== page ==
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Covering the Shame

Renewing Your Mind / R.C. Sproul
The Truth Network Radio
September 13, 2022 12:01 am

Covering the Shame

Renewing Your Mind / R.C. Sproul

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September 13, 2022 12:01 am

Our sin leaves us naked and exposed to the judgment of God. Only the robe of Christ's perfect righteousness can cover our shame. Today, R.C. Sproul explains how the gospel provides the solution to our guilt in the presence of God.

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Coming up next on Renewing Your Mind... We continue now with our study of the holiness of God and with our focus, as we've seen in the last few messages, on the trauma of God's holiness how frightening God's holiness is to us in our fallenness. In our last session we saw Simon Peter's response to Jesus' miracle of filling the nets with fishes, wherein Simon said to Jesus, looking for some refuge, some place to hide, some defense that will cover us from the unveiled gaze of God. In the Old Testament, in the book of Genesis, we read a somewhat unusual and strange incident that took place in the life of Noah. After the Scriptures record for us the righteousness of Noah, the noble expression of faith that characterized him through his life and by which God redeemed Noah and his family from the ravages of the flood, we see an unpleasant episode in his life that takes place later on. In the ninth chapter of Genesis, the verse 20, we read this, And Ham the father of Canaan saw the nakedness of his father, and told his two brothers outside. But Shem and Japheth took a garment and laid it on both their shoulders, and went backward and covered the nakedness of their father.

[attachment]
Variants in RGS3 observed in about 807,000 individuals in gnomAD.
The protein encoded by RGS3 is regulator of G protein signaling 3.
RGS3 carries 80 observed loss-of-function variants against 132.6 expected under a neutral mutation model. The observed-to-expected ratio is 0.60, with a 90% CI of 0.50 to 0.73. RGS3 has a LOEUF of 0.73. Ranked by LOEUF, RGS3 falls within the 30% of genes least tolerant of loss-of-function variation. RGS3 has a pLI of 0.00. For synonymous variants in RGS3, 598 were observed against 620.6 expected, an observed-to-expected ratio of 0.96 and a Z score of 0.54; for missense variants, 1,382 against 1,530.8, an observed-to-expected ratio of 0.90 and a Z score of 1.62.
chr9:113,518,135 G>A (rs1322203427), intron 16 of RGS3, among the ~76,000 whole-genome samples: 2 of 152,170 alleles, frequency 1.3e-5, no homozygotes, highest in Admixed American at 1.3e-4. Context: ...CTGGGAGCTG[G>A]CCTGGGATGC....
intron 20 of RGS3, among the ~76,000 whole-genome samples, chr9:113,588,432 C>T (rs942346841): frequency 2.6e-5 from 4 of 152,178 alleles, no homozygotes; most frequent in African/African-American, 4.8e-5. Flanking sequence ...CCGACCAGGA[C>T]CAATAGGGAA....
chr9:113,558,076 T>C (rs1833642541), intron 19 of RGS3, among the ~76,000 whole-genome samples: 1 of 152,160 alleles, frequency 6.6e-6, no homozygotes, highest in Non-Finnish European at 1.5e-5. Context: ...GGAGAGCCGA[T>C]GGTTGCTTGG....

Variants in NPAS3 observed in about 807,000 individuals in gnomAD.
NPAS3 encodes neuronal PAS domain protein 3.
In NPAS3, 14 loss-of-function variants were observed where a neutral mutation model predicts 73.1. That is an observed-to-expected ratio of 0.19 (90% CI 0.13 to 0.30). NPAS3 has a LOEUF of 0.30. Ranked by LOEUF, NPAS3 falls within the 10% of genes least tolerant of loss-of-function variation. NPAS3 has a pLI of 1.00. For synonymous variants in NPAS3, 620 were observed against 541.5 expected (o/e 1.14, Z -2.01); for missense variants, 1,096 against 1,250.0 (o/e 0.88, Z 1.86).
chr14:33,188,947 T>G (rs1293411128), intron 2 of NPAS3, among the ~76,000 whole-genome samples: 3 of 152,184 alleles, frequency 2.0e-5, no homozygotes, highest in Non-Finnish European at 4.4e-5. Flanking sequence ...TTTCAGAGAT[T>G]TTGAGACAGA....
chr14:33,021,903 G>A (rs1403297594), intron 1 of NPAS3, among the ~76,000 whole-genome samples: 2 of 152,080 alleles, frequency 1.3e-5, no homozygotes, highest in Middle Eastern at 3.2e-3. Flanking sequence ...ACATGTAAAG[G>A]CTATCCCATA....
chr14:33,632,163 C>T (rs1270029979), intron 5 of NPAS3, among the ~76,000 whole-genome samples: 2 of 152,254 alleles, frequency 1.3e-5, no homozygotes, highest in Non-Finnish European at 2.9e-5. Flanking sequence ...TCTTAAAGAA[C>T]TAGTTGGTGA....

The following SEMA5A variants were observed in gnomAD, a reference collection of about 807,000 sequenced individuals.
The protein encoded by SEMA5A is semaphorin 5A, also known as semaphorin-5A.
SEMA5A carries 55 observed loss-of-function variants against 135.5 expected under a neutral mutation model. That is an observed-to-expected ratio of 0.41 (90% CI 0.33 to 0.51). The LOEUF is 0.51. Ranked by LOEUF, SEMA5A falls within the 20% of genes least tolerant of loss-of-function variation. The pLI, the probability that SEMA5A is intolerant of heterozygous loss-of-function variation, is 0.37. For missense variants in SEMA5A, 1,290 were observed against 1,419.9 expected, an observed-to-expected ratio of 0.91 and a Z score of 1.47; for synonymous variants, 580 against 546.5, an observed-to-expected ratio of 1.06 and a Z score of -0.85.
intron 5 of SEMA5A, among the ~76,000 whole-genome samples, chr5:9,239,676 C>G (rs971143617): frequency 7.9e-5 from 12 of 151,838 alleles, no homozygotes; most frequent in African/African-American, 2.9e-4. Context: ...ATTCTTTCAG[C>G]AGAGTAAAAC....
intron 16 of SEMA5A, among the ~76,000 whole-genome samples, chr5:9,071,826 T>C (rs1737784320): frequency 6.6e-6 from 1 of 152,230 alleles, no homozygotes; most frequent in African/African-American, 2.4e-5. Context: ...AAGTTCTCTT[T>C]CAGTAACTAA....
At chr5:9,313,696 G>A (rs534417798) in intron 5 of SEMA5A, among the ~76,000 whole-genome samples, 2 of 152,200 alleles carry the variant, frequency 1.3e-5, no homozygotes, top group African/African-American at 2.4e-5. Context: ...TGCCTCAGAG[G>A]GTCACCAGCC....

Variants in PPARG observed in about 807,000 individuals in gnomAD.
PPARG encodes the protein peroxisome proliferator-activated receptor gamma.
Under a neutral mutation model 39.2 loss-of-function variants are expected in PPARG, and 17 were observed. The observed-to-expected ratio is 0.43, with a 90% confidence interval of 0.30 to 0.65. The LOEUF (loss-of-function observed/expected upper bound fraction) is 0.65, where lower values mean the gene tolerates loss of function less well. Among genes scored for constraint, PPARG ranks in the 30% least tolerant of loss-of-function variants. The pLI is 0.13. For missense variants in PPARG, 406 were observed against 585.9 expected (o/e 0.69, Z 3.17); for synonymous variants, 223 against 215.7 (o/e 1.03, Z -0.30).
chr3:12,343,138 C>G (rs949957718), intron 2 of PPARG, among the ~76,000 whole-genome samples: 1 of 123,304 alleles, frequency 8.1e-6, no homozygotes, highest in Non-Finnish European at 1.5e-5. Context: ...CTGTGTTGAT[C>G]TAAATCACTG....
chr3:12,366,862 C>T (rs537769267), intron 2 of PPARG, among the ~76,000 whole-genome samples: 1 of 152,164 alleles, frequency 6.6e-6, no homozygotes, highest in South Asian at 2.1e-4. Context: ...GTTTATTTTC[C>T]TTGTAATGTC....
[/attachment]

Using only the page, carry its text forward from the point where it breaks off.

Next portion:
Their faces were turned away, and they did not see their father's nakedness. So Noah awoke from his wine and knew what his younger son had done to him, and then he said, Cursed be Canaan, a servant of servants he shall be to his brethren. And he said, Blessed be the Lord, the God of Shem, and may Canaan be his servant. And may God enlarge Japheth, and may he dwell in the tents of Shem, and may Canaan be his servant. This story almost sounds bizarre, and it's been subjected to a lot of speculation by biblical scholars.

What is going on here? We have the strange story of Noah's becoming drunk and being asleep in his tent, and his clothes have fallen off of him so that he is now lying there naked. He's in a drunken stupor, and we read that his son comes in, his son Ham comes into the tent and looks at his father's nakedness and presumably goes out and tells the other brothers about this compromising position in which he had found his father. Now as I say, some scholars read something into this text. They say that the term looked upon his father's nakedness is a Jewish euphemism for some kind of sexual act, and they suggest that what the son had done was an unspeakable act of sexual assault upon his father.

Now that may be, and it may be in the hints of the language, but we don't have to go to something as radical as that to see what is going on here in the story. In any case, the brothers do not participate in Ham's activity of looking openly and scandalously on their father's sin. Instead, Shem and Japheth go and get a covering, and they spread it between them and walk backwards into the tent so that they will not be looking at their father's nakedness. And what makes me think that the real sin here was looking at not being involved in some sexual activity because these men go to great lengths to not look at their father in his exposed, embarrassed, humiliated state. These sons of Noah have the grace to cover their father.

This is a cover-up, not a cover-up driven by sin but a cover-up driven by grace. And so they come and take this blanket or this covering and walk in backwards and cover their father's nakedness. Now when Noah wakes up and realizes his own folly and his own embarrassment and hears what Ham has done by making a spectacle out of his own father, Noah proceeds to pronounce a curse of judgment upon Ham that includes future generations. Cursed be Canaan, the son of Ham. And at the same time, he pronounces the patriarchal blessing upon Shem and upon Japheth. Blessed be Shem, and larged be Japheth.